As a dome of high pressure remains mostly idle over the Southern Plains this week, several disturbances aloft will ride around its circulation, contributing to several more rounds of severe thunderstorms. The Northern Plains will experience the brunt of the storms Tuesday, with a scattered risk for damaging wind gusts, large hail, and a small chance for tornadoes. Storms continue throughout the week as the primary threat shifts to the central Plains and upper Midwest Wednesday, the northern Rockies Thursday, and potentially parts of the Mississippi River Valley Friday.

Late Tuesday afternoon, scattered thunderstorms will develop over the Northern Plains ahead of a southeastward moving cold front exiting Canada. The primary threat will be large hail and damaging wind over the central Dakotas and possibly northwestern Minnesota. Isolated tornadoes may also develop with supercells over central North Dakota.

Storms over Northern Plains will be fueled by the boundary of the heat dome and by an abundance of moisture. Temperatures will climb into the upper 80s and low 90s in an environment in which dew points will reach the mid-60s. Lift south of the cold front will be enhanced by a strong jet stream passing over North Dakota and embedded shortwaves in the flow around the dome of high pressure. The strongest supercell thunderstorms will develop early this evening in the vicinity of the jet stream over central North Dakota. This is where the greatest threat for tornadoes will be. Further east, supercells will merge into the evening, possibly forming short linear structures over southeastern North Dakota, northern South Dakota, and northwestern Minnesota. Upon merging, the primary threat will shift to damaging wind gusts ahead of the storms. With sufficient wind shear and a moist inflow, these storms may persist late into the night.

In addition to the Northern Plains, isolated thunderstorms will develop ahead of a dry line in Texas. A dry line is a boundary between a moist and a dry air mass. Some of these storms could be capable of producing damaging winds and up to nickel sized hail.

By Wednesday the cold front will have reached the Central Plains, sparking more rounds of severe thunderstorms primarily in Nebraska, southern Minnesota and northern Iowa. Storms are expected to be more widespread in these regions than in the Dakotas Tuesday due to a more defined line of thunderstorms developing in the evening. The primary threat will be scattered to perhaps widespread damaging wind gusts. There may be localized embedded hail within this line of storms. If clearing occurs early enough, some storms may develop ahead of this line that and become supercelluar, capable of producing large hail and damaging wind gusts.

These storms will be supported by a hot and moist environment, with temperatures near 90 and dew points in the mid-60s. Weak leftover thunderstorms in the morning will leave a residual outflow boundary that will assist the cold front in triggering thunderstorm development in the afternoon. Further aid will be supplied by lift associated with small shortwaves in the flow around the dome of high pressure.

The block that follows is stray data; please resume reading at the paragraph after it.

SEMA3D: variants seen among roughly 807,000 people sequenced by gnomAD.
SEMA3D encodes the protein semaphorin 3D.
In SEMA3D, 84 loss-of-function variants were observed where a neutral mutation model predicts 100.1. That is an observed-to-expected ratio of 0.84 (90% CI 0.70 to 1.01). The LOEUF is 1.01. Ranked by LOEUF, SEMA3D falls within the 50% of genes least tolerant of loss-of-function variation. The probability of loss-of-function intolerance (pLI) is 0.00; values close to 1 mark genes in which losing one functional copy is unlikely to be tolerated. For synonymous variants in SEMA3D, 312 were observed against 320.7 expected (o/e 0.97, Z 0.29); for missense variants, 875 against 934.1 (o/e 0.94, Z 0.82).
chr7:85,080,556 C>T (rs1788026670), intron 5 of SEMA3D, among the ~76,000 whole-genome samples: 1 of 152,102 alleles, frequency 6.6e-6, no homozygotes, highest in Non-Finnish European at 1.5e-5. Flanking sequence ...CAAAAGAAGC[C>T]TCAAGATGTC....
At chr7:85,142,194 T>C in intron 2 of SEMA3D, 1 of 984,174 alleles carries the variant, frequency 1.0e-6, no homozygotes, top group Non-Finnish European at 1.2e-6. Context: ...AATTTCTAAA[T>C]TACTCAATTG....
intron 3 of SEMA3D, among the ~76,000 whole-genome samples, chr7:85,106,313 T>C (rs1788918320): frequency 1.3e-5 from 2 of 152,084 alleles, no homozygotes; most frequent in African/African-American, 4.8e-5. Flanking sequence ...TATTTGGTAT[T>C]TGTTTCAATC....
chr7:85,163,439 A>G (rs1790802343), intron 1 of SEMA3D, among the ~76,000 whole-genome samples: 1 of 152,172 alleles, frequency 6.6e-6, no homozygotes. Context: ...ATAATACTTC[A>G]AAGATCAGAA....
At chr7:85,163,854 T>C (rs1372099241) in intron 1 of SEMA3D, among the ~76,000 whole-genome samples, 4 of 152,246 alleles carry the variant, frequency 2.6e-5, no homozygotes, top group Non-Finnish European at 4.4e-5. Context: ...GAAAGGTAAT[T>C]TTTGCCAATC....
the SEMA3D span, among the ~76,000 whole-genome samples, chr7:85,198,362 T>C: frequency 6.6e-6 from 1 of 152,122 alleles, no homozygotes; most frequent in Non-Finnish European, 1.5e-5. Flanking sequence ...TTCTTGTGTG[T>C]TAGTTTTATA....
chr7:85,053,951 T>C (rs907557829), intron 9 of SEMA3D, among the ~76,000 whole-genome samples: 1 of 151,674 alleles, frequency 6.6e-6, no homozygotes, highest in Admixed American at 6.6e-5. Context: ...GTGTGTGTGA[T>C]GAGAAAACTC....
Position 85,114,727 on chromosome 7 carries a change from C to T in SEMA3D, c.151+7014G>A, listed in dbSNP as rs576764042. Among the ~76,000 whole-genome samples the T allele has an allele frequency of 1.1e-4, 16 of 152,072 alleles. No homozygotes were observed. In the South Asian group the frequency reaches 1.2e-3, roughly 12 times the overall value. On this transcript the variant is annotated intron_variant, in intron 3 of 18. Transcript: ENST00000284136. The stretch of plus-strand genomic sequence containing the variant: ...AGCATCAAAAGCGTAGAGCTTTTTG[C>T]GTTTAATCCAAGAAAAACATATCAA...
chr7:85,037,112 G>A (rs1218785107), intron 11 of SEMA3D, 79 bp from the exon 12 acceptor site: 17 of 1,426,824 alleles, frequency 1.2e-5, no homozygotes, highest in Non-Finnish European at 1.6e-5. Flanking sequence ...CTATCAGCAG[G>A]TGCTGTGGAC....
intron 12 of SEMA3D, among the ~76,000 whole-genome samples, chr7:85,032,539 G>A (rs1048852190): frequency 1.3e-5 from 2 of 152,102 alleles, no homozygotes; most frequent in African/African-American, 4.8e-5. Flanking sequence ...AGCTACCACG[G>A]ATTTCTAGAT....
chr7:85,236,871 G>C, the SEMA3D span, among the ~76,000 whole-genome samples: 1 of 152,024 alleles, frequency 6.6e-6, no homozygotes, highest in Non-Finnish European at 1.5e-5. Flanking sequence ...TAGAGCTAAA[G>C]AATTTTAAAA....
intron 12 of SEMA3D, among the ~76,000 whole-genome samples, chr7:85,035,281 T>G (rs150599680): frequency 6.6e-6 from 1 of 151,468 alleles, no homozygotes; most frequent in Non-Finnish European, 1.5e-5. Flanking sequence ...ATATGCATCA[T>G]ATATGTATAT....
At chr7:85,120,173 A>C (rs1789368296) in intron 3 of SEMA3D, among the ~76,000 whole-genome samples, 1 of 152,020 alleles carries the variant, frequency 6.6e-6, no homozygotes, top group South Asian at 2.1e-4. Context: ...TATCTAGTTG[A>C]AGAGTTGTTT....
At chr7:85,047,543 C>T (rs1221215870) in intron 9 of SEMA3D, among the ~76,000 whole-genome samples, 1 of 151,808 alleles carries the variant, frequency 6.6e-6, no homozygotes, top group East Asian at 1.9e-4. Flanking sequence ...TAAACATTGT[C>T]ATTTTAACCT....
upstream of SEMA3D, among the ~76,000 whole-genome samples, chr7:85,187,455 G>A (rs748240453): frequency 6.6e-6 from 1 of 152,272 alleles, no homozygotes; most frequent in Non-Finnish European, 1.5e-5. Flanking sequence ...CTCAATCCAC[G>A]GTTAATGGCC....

Further west, a weak cyclone will develop along and east of the Rocky mountains due to a process called lee cyclogenesis. Rising motion to the east of this cyclone will spawn scattered thunderstorms in southern Montana, eastern Wyoming, and most of the central Plains as the cyclone treks northeastward. Some of these storms may produce damaging wind gusts and pea to nickel sized hail, but the greatest chance for this to occur will be over western Nebraska, southeastern Wyoming, and northeastern Colorado, where convergence and wind shear will be most favorable for thunderstorm development.

Thursday, scattered thunderstorms will develop over the Northern Rockies. With a warm, moist inflow over the mountains, it won’t take much additional lift for some of these storms to produce large hail and damaging winds. Additionally, the pesky dry line will continue to trigger isolated storms over the southern Plains, despite the presence of the dome of high pressure. Any storms that do form will provide some brief but much needed relief from the heat as temperatures soar into the upper 90s to low 100s.

Friday, a shortwave and associated cold front may develop around the ridge of high pressure in the Mississippi Valley. Details are uncertain at this point, but with an unstable airmass in place and an abundance of shear, the threat for at least isolated severe weather exists.

The severe weather this week is unusually widespread and persistent. We will continue to provide new information about each threat as each event nears.


Josh is a lifelong nature and weather enthusiast as well as the Head Meteorologist at WeatherOptics. He began regularly forecasting for New Jersey, Long Island and New York City in 2014 on social media, contributing to community pages such as SBU Weather. He holds degrees in Physics and in Atmospheric and Oceanic Sciences from Stony Brook University, from which he graduated in 2018. In the Fall of 2018 Josh will start graduate school for his M.S. in Marine and Atmospheric Sciences at Stony Brook, continuing his research on approaches to non-convective wind gust forecasting.

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